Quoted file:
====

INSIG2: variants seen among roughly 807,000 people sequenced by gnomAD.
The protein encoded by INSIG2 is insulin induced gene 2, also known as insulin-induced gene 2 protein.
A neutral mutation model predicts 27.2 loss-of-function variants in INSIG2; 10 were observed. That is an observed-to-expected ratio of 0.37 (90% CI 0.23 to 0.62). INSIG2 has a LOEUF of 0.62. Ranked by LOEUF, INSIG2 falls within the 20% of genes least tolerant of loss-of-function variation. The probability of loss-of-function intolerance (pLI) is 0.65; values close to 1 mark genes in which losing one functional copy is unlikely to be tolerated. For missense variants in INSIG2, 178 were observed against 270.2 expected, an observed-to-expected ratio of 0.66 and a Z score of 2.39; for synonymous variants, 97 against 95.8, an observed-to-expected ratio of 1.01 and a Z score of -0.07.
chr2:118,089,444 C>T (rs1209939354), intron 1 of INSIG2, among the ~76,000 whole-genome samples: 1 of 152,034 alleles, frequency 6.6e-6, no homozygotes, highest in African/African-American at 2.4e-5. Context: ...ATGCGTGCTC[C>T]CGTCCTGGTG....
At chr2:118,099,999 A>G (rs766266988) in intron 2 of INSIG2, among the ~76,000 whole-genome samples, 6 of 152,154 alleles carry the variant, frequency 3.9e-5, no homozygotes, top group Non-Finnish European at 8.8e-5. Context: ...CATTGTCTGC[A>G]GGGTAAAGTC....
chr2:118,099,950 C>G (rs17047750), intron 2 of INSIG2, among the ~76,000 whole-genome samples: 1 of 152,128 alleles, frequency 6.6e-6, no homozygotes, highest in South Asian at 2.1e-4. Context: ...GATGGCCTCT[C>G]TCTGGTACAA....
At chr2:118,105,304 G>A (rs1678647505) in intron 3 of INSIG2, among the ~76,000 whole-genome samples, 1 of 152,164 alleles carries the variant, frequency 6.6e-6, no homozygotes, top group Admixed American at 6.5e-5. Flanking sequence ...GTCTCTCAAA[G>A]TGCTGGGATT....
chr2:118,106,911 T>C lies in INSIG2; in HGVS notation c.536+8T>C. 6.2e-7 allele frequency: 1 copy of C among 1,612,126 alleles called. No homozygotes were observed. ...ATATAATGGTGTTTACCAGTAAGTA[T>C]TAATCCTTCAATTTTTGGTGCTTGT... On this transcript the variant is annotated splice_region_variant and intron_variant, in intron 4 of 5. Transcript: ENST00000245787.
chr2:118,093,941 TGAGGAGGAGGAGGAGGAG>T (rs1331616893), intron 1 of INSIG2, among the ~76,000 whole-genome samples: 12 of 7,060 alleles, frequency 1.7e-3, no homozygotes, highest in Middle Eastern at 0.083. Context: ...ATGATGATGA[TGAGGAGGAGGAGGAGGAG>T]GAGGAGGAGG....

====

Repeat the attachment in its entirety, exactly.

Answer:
INSIG2: variants seen among roughly 807,000 people sequenced by gnomAD.
The protein encoded by INSIG2 is insulin induced gene 2, also known as insulin-induced gene 2 protein.
A neutral mutation model predicts 27.2 loss-of-function variants in INSIG2; 10 were observed. That is an observed-to-expected ratio of 0.37 (90% CI 0.23 to 0.62). INSIG2 has a LOEUF of 0.62. Ranked by LOEUF, INSIG2 falls within the 20% of genes least tolerant of loss-of-function variation. The probability of loss-of-function intolerance (pLI) is 0.65; values close to 1 mark genes in which losing one functional copy is unlikely to be tolerated. For missense variants in INSIG2, 178 were observed against 270.2 expected, an observed-to-expected ratio of 0.66 and a Z score of 2.39; for synonymous variants, 97 against 95.8, an observed-to-expected ratio of 1.01 and a Z score of -0.07.
chr2:118,089,444 C>T (rs1209939354), intron 1 of INSIG2, among the ~76,000 whole-genome samples: 1 of 152,034 alleles, frequency 6.6e-6, no homozygotes, highest in African/African-American at 2.4e-5. Context: ...ATGCGTGCTC[C>T]CGTCCTGGTG....
At chr2:118,099,999 A>G (rs766266988) in intron 2 of INSIG2, among the ~76,000 whole-genome samples, 6 of 152,154 alleles carry the variant, frequency 3.9e-5, no homozygotes, top group Non-Finnish European at 8.8e-5. Context: ...CATTGTCTGC[A>G]GGGTAAAGTC....
chr2:118,099,950 C>G (rs17047750), intron 2 of INSIG2, among the ~76,000 whole-genome samples: 1 of 152,128 alleles, frequency 6.6e-6, no homozygotes, highest in South Asian at 2.1e-4. Context: ...GATGGCCTCT[C>G]TCTGGTACAA....
At chr2:118,105,304 G>A (rs1678647505) in intron 3 of INSIG2, among the ~76,000 whole-genome samples, 1 of 152,164 alleles carries the variant, frequency 6.6e-6, no homozygotes, top group Admixed American at 6.5e-5. Flanking sequence ...GTCTCTCAAA[G>A]TGCTGGGATT....
chr2:118,106,911 T>C lies in INSIG2; in HGVS notation c.536+8T>C. 6.2e-7 allele frequency: 1 copy of C among 1,612,126 alleles called. No homozygotes were observed. ...ATATAATGGTGTTTACCAGTAAGTA[T>C]TAATCCTTCAATTTTTGGTGCTTGT... On this transcript the variant is annotated splice_region_variant and intron_variant, in intron 4 of 5. Transcript: ENST00000245787.
chr2:118,093,941 TGAGGAGGAGGAGGAGGAG>T (rs1331616893), intron 1 of INSIG2, among the ~76,000 whole-genome samples: 12 of 7,060 alleles, frequency 1.7e-3, no homozygotes, highest in Middle Eastern at 0.083. Context: ...ATGATGATGA[TGAGGAGGAGGAGGAGGAG>T]GAGGAGGAGG....